Hurra happily accepted the offer to work with Shiksharth and it’s been two years since he is teaching in his village. Children and villagers seemed happy with his work and they could see a change in students towards the school. After capturing Hurra’s story, we moved to Bandi’s village where he teaches his students. Here we were covering the volunteer and parent engagement. For this interaction, we had a questionnaire to ask the parents.
Bandi was playing the role of a Hindi to Gondi translator. While Bandi translated the whole conversation for us, I could also get the essence of the conversation from the responses we received from the parents. Parents were happy that someone from their village is working with the kids. They praised Bandi and said that he has always been available for their children. Bandi not only helps the children but also helps the villagers. They also talked about the changes after Bandi got placed in their village school.
Before Bandi joined, the children did not go to school and the shikshadoot was also not regular in the school. But after placing Bandi, the children started to visit the school regularly and shikshadoot also started attending the school. Villagers also find Bandi more approachable as compared to the shikshadoot. Bandi also helps the villager with legal work. After the parents’ engagement, we started documenting Bandi’s journey with Shiksharth. Bandi joined pre-COVID because he wanted to teach kids and had an aspiration to be a teacher. In his village, he found the need for a teacher and from there he started his journey of becoming a teacher. So he approached the block officers who then approached Shiksharth.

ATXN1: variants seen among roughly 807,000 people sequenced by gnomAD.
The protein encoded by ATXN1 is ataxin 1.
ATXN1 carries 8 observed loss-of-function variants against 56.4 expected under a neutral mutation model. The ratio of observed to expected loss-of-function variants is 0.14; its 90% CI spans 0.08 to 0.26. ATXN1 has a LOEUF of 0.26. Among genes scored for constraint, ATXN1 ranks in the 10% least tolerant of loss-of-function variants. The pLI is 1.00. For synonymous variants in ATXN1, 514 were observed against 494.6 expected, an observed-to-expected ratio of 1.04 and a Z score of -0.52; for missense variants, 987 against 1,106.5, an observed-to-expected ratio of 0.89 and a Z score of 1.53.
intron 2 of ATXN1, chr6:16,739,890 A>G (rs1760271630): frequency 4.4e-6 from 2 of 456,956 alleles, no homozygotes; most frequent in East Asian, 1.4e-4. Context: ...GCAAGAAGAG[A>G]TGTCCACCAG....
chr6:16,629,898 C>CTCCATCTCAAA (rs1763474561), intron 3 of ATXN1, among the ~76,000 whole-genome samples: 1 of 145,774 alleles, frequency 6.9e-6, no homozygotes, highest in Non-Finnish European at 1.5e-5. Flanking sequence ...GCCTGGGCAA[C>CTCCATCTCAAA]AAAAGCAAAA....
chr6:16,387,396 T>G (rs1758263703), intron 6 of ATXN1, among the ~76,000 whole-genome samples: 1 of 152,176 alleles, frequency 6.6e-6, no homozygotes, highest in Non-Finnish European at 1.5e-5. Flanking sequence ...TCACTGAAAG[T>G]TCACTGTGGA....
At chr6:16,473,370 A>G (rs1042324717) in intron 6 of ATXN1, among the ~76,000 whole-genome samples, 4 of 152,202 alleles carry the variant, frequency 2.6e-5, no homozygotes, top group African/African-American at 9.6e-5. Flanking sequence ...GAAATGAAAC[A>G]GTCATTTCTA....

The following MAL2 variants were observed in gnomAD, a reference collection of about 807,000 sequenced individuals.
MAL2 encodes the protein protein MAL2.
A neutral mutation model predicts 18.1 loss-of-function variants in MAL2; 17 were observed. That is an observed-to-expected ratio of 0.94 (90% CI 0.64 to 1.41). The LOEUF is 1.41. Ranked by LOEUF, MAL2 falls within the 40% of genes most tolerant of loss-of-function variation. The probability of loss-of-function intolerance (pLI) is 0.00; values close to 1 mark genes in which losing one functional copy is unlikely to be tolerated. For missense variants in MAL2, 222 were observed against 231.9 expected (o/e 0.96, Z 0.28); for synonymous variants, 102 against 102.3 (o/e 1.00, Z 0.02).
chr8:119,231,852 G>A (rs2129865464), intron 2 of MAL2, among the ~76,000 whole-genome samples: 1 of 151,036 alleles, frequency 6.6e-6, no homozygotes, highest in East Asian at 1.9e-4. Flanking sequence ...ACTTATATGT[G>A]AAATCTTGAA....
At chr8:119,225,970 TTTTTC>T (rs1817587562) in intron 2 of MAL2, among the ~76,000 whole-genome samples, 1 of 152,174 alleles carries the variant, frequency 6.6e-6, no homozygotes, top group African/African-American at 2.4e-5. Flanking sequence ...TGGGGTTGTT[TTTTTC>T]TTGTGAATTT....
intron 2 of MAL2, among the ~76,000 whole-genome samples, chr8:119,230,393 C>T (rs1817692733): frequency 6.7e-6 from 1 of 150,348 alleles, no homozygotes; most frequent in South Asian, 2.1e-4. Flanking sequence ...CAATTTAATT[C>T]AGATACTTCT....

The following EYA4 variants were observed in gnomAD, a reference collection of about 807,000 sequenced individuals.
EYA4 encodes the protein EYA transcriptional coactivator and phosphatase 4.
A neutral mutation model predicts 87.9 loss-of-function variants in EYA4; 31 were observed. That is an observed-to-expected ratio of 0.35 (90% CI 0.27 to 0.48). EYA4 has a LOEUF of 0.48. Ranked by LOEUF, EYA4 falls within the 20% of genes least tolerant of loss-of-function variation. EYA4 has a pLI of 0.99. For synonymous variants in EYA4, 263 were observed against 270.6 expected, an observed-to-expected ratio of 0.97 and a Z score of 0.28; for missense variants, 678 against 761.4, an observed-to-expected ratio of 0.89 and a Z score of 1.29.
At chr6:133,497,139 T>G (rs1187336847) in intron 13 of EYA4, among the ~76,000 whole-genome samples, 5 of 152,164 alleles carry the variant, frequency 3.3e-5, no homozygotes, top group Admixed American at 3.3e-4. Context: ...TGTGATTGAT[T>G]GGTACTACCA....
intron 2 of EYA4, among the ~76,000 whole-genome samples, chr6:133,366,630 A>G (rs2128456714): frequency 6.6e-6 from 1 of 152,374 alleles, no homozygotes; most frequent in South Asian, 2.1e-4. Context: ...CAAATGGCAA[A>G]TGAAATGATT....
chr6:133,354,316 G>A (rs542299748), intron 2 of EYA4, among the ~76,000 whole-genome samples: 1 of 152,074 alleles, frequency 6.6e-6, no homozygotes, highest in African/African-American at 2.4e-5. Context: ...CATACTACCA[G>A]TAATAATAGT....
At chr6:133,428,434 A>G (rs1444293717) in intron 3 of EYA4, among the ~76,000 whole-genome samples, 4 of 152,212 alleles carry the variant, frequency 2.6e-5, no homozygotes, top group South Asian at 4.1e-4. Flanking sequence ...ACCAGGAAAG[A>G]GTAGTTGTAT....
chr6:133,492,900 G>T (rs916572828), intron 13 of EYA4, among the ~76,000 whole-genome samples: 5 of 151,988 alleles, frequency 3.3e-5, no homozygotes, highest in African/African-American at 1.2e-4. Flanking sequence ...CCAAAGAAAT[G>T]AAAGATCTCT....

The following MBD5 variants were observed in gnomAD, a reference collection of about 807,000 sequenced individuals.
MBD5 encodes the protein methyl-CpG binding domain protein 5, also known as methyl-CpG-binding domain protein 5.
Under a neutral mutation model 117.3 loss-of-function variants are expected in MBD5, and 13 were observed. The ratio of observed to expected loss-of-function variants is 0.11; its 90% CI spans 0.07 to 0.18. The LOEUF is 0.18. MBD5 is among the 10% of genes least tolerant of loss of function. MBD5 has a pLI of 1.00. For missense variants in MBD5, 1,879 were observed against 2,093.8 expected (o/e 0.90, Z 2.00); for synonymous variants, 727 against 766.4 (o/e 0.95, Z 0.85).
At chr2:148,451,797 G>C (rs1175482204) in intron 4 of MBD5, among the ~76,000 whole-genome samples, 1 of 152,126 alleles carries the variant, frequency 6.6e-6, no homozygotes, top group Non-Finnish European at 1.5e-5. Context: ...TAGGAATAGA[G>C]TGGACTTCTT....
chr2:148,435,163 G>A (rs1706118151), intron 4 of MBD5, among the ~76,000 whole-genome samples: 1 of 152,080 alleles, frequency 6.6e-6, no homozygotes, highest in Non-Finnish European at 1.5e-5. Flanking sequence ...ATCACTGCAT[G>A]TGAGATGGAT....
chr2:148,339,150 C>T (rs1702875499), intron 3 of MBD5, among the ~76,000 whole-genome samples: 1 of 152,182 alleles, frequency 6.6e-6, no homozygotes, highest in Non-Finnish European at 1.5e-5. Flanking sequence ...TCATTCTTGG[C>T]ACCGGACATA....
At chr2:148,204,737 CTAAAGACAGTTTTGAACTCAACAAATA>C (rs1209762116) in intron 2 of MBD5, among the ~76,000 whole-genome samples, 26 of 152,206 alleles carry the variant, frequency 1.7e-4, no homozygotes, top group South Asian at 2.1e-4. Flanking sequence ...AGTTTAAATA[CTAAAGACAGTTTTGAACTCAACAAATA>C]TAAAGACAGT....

In the beginning, Bandi was managing and monitoring 10 schools in Konta, and during the COVID times, he visited all these schools on his bicycle. By the end of the second COVID wave, he wanted to teach in his community school. He wanted to create a change in education. He had a dream for his village that one day every child in his village can read and write in Hindi and fight for their rights. He wanted the children to make a space for themselves in the world.
It was the first time that Shiksharth conducted a parent-teacher meeting in front of a camera. Konta is a red zone and sensitive area. Parents asked so many questions before the recording began because they were afraid of saying something to outsiders. But when they got to know they only had to talk about school and Bandi, they felt relaxed. They were authentic in their responses.
The government keeps launching new roles and policies for them but they can’t read and get informed until someone from outside tells them. They have been signing papers but they never read a single paper because they can’t read it. They have been doing what they are told to do. So for the betterment of their children’s future, they want them to be educated. They understand the importance of education. This is the main reason they are concerned about the school and school teachers. They have no idea what will change after their children get educated. “Will their situation improve?” they have no clue. What they can see is a light of hope with their children getting educated.